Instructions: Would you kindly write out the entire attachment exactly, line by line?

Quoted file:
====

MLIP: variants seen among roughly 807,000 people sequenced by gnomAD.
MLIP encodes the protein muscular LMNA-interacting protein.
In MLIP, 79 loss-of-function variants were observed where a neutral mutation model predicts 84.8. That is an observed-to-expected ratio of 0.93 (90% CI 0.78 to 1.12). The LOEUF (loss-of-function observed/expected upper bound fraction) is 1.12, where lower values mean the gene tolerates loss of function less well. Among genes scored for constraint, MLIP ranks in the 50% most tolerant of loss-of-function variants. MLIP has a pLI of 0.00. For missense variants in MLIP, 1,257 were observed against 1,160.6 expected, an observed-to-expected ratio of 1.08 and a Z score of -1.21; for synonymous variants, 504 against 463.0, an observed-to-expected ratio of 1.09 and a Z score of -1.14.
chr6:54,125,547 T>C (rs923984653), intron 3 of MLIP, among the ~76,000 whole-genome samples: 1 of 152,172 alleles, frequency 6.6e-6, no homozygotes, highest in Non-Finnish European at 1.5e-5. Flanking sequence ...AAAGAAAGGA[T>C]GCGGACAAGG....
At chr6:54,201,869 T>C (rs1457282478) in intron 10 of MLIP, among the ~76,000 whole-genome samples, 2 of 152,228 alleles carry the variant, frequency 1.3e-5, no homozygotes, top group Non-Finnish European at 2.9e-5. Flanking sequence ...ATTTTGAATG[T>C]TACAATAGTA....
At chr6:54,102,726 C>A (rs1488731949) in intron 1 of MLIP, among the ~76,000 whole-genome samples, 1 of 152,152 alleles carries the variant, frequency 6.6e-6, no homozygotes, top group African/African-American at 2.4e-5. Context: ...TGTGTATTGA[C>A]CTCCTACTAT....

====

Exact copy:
MLIP: variants seen among roughly 807,000 people sequenced by gnomAD.
MLIP encodes the protein muscular LMNA-interacting protein.
In MLIP, 79 loss-of-function variants were observed where a neutral mutation model predicts 84.8. That is an observed-to-expected ratio of 0.93 (90% CI 0.78 to 1.12). The LOEUF (loss-of-function observed/expected upper bound fraction) is 1.12, where lower values mean the gene tolerates loss of function less well. Among genes scored for constraint, MLIP ranks in the 50% most tolerant of loss-of-function variants. MLIP has a pLI of 0.00. For missense variants in MLIP, 1,257 were observed against 1,160.6 expected, an observed-to-expected ratio of 1.08 and a Z score of -1.21; for synonymous variants, 504 against 463.0, an observed-to-expected ratio of 1.09 and a Z score of -1.14.
chr6:54,125,547 T>C (rs923984653), intron 3 of MLIP, among the ~76,000 whole-genome samples: 1 of 152,172 alleles, frequency 6.6e-6, no homozygotes, highest in Non-Finnish European at 1.5e-5. Flanking sequence ...AAAGAAAGGA[T>C]GCGGACAAGG....
At chr6:54,201,869 T>C (rs1457282478) in intron 10 of MLIP, among the ~76,000 whole-genome samples, 2 of 152,228 alleles carry the variant, frequency 1.3e-5, no homozygotes, top group Non-Finnish European at 2.9e-5. Flanking sequence ...ATTTTGAATG[T>C]TACAATAGTA....
At chr6:54,102,726 C>A (rs1488731949) in intron 1 of MLIP, among the ~76,000 whole-genome samples, 1 of 152,152 alleles carries the variant, frequency 6.6e-6, no homozygotes, top group African/African-American at 2.4e-5. Context: ...TGTGTATTGA[C>A]CTCCTACTAT....